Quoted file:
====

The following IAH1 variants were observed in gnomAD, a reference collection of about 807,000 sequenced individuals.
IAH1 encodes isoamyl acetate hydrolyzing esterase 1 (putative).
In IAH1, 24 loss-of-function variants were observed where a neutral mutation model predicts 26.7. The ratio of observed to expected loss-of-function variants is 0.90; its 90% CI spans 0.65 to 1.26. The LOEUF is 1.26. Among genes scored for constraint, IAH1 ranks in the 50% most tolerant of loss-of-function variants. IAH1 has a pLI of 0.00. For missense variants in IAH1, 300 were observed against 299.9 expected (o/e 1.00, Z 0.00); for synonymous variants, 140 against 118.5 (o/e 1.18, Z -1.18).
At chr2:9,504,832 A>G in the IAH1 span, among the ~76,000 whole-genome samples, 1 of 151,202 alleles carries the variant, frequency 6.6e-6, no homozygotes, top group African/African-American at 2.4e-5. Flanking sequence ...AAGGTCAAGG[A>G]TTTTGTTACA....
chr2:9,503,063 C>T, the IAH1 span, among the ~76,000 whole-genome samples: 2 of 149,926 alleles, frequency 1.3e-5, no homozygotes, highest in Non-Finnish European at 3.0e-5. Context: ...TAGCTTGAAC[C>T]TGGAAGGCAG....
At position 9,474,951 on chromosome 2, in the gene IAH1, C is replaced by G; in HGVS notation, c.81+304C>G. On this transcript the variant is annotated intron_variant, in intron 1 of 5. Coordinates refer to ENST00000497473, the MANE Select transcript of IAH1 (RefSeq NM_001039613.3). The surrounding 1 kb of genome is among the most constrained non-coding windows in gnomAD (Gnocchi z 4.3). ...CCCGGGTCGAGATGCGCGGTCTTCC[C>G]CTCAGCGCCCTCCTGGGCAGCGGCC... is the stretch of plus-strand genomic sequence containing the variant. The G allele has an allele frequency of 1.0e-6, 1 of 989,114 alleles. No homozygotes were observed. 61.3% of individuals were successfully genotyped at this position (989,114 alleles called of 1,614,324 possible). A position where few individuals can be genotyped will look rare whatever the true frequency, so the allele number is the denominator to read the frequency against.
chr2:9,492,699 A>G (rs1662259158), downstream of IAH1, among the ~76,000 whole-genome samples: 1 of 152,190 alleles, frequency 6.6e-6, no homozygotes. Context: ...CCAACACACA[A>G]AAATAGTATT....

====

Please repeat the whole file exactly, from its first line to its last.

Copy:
The following IAH1 variants were observed in gnomAD, a reference collection of about 807,000 sequenced individuals.
IAH1 encodes isoamyl acetate hydrolyzing esterase 1 (putative).
In IAH1, 24 loss-of-function variants were observed where a neutral mutation model predicts 26.7. The ratio of observed to expected loss-of-function variants is 0.90; its 90% CI spans 0.65 to 1.26. The LOEUF is 1.26. Among genes scored for constraint, IAH1 ranks in the 50% most tolerant of loss-of-function variants. IAH1 has a pLI of 0.00. For missense variants in IAH1, 300 were observed against 299.9 expected (o/e 1.00, Z 0.00); for synonymous variants, 140 against 118.5 (o/e 1.18, Z -1.18).
At chr2:9,504,832 A>G in the IAH1 span, among the ~76,000 whole-genome samples, 1 of 151,202 alleles carries the variant, frequency 6.6e-6, no homozygotes, top group African/African-American at 2.4e-5. Flanking sequence ...AAGGTCAAGG[A>G]TTTTGTTACA....
chr2:9,503,063 C>T, the IAH1 span, among the ~76,000 whole-genome samples: 2 of 149,926 alleles, frequency 1.3e-5, no homozygotes, highest in Non-Finnish European at 3.0e-5. Context: ...TAGCTTGAAC[C>T]TGGAAGGCAG....
At position 9,474,951 on chromosome 2, in the gene IAH1, C is replaced by G; in HGVS notation, c.81+304C>G. On this transcript the variant is annotated intron_variant, in intron 1 of 5. Coordinates refer to ENST00000497473, the MANE Select transcript of IAH1 (RefSeq NM_001039613.3). The surrounding 1 kb of genome is among the most constrained non-coding windows in gnomAD (Gnocchi z 4.3). ...CCCGGGTCGAGATGCGCGGTCTTCC[C>G]CTCAGCGCCCTCCTGGGCAGCGGCC... is the stretch of plus-strand genomic sequence containing the variant. The G allele has an allele frequency of 1.0e-6, 1 of 989,114 alleles. No homozygotes were observed. 61.3% of individuals were successfully genotyped at this position (989,114 alleles called of 1,614,324 possible). A position where few individuals can be genotyped will look rare whatever the true frequency, so the allele number is the denominator to read the frequency against.
chr2:9,492,699 A>G (rs1662259158), downstream of IAH1, among the ~76,000 whole-genome samples: 1 of 152,190 alleles, frequency 6.6e-6, no homozygotes. Context: ...CCAACACACA[A>G]AAATAGTATT....